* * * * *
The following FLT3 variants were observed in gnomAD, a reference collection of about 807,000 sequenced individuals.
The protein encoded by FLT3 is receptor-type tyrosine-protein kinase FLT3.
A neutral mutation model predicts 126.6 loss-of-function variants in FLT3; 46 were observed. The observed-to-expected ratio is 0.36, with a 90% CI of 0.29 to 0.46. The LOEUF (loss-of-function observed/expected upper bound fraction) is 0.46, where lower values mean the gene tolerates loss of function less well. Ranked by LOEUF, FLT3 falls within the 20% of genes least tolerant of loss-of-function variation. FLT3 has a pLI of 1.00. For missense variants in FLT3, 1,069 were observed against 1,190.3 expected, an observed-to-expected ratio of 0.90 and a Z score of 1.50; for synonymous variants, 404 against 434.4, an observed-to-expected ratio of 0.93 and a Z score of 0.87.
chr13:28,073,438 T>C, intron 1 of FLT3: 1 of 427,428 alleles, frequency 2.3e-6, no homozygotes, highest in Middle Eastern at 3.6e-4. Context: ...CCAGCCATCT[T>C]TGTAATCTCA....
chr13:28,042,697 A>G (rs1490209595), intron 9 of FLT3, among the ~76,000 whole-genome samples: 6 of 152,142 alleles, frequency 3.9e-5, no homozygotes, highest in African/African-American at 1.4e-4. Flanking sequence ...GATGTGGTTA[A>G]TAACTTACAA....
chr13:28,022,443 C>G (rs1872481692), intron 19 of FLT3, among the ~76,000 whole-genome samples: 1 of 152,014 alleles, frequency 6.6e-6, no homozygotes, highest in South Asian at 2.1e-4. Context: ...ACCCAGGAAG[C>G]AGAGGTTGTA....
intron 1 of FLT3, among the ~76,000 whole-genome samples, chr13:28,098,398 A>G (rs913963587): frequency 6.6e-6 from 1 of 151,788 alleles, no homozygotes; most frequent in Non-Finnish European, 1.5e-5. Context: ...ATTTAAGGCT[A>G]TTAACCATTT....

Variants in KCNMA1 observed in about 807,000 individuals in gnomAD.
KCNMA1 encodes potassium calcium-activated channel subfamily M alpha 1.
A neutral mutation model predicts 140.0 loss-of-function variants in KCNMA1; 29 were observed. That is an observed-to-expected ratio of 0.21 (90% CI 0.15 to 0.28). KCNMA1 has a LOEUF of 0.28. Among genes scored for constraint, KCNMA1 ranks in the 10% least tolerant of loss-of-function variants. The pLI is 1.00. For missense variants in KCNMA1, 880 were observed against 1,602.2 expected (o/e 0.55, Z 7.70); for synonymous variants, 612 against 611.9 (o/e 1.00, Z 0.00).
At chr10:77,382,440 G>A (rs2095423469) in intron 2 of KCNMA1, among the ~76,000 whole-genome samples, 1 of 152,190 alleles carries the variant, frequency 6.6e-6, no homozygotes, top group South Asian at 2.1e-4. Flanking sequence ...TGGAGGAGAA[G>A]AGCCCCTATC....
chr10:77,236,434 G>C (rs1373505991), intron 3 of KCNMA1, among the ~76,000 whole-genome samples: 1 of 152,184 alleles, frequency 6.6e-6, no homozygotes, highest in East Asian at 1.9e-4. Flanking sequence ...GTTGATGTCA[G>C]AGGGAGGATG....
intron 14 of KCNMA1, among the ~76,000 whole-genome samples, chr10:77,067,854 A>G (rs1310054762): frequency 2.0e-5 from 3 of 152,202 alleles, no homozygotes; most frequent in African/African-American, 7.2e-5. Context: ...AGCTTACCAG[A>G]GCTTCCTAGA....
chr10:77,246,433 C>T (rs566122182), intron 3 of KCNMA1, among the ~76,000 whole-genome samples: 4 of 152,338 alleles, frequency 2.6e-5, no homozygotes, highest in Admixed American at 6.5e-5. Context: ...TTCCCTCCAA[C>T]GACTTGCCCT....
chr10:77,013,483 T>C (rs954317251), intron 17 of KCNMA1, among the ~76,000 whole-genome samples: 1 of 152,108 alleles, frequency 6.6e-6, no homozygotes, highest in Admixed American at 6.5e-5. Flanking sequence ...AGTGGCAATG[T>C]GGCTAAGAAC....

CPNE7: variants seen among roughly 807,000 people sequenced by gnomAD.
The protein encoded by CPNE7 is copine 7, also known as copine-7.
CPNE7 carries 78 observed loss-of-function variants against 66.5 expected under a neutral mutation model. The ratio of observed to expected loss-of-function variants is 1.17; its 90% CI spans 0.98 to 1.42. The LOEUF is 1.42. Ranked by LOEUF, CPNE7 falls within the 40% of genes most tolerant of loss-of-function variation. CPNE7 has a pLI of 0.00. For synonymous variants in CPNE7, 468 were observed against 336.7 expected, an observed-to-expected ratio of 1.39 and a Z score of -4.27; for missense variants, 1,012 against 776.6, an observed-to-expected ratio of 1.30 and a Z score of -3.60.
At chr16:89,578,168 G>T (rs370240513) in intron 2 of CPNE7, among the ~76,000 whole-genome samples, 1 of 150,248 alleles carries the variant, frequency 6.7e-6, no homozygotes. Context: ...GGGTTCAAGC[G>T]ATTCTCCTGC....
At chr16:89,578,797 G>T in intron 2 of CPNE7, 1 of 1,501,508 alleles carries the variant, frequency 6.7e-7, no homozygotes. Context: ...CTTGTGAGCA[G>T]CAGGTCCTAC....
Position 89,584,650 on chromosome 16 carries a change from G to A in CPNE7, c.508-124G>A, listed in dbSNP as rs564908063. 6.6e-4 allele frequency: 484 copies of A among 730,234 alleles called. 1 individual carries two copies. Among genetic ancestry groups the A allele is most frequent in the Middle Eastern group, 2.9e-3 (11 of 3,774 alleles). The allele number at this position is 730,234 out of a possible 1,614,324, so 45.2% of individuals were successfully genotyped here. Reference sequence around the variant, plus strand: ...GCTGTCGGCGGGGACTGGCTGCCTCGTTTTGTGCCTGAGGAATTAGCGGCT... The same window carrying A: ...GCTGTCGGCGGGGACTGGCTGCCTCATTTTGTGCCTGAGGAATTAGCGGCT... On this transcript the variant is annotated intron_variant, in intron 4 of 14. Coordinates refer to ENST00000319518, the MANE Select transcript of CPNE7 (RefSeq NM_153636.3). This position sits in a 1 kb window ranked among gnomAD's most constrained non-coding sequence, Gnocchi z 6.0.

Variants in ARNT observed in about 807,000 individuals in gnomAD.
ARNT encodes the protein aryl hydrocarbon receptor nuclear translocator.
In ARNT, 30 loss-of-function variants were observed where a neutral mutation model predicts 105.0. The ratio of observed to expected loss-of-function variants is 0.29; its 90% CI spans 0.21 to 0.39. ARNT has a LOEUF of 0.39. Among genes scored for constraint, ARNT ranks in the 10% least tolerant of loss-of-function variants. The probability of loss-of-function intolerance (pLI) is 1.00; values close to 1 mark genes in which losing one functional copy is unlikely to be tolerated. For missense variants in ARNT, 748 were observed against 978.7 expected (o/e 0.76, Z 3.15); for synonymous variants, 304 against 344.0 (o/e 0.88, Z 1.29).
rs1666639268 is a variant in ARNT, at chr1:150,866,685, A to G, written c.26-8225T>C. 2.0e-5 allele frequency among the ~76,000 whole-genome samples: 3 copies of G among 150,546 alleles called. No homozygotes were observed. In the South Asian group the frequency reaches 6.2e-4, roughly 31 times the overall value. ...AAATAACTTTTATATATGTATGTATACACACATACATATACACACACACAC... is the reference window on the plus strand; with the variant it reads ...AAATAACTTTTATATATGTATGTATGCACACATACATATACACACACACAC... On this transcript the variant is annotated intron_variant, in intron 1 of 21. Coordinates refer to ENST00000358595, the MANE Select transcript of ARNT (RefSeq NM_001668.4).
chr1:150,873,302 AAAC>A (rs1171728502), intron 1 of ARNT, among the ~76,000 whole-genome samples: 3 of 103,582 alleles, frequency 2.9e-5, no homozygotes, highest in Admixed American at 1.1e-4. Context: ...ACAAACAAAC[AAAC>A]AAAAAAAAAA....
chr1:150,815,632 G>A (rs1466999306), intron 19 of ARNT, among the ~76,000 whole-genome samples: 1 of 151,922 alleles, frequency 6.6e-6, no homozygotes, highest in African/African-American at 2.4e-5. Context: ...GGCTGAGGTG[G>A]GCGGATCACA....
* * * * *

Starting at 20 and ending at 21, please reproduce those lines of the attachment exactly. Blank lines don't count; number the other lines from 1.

At chr16:89,578,797 G>T in intron 2 of CPNE7, 1 of 1,501,508 alleles carries the variant, frequency 6.7e-7, no homozygotes. Context: ...CTTGTGAGCA[G>T]CAGGTCCTAC....
Position 89,584,650 on chromosome 16 carries a change from G to A in CPNE7, c.508-124G>A, listed in dbSNP as rs564908063. 6.6e-4 allele frequency: 484 copies of A among 730,234 alleles called. 1 individual carries two copies. Among genetic ancestry groups the A allele is most frequent in the Middle Eastern group, 2.9e-3 (11 of 3,774 alleles). The allele number at this position is 730,234 out of a possible 1,614,324, so 45.2% of individuals were successfully genotyped here. Reference sequence around the variant, plus strand: ...GCTGTCGGCGGGGACTGGCTGCCTCGTTTTGTGCCTGAGGAATTAGCGGCT... The same window carrying A: ...GCTGTCGGCGGGGACTGGCTGCCTCATTTTGTGCCTGAGGAATTAGCGGCT... On this transcript the variant is annotated intron_variant, in intron 4 of 14. Coordinates refer to ENST00000319518, the MANE Select transcript of CPNE7 (RefSeq NM_153636.3). This position sits in a 1 kb window ranked among gnomAD's most constrained non-coding sequence, Gnocchi z 6.0.